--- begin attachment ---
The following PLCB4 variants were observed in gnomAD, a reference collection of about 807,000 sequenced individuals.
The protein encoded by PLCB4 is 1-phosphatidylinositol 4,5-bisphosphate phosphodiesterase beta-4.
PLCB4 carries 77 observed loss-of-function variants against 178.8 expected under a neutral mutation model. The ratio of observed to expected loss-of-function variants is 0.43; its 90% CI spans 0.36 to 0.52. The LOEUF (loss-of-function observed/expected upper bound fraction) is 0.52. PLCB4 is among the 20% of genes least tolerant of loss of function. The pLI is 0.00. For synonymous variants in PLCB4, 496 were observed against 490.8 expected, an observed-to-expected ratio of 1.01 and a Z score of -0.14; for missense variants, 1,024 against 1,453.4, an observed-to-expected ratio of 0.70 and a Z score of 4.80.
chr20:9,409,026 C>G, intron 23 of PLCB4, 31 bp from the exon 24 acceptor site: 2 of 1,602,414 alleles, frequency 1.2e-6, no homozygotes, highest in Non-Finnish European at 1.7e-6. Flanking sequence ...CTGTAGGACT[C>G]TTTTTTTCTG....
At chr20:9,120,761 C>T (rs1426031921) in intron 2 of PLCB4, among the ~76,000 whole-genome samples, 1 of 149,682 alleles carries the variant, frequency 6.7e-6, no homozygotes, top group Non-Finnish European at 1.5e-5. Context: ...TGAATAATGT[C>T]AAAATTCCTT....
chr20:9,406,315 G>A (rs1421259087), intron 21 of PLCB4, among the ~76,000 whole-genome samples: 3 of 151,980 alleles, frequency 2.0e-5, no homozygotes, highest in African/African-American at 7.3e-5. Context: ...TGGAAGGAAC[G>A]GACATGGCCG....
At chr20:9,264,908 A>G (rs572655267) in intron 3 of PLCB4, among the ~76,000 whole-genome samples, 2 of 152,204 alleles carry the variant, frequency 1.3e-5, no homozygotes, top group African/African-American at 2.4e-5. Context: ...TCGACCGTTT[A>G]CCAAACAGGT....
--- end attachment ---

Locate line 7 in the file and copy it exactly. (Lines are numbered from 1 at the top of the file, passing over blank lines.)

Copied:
At chr20:9,264,908 A>G (rs572655267) in intron 3 of PLCB4, among the ~76,000 whole-genome samples, 2 of 152,204 alleles carry the variant, frequency 1.3e-5, no homozygotes, top group African/African-American at 2.4e-5. Context: ...TCGACCGTTT[A>G]CCAAACAGGT....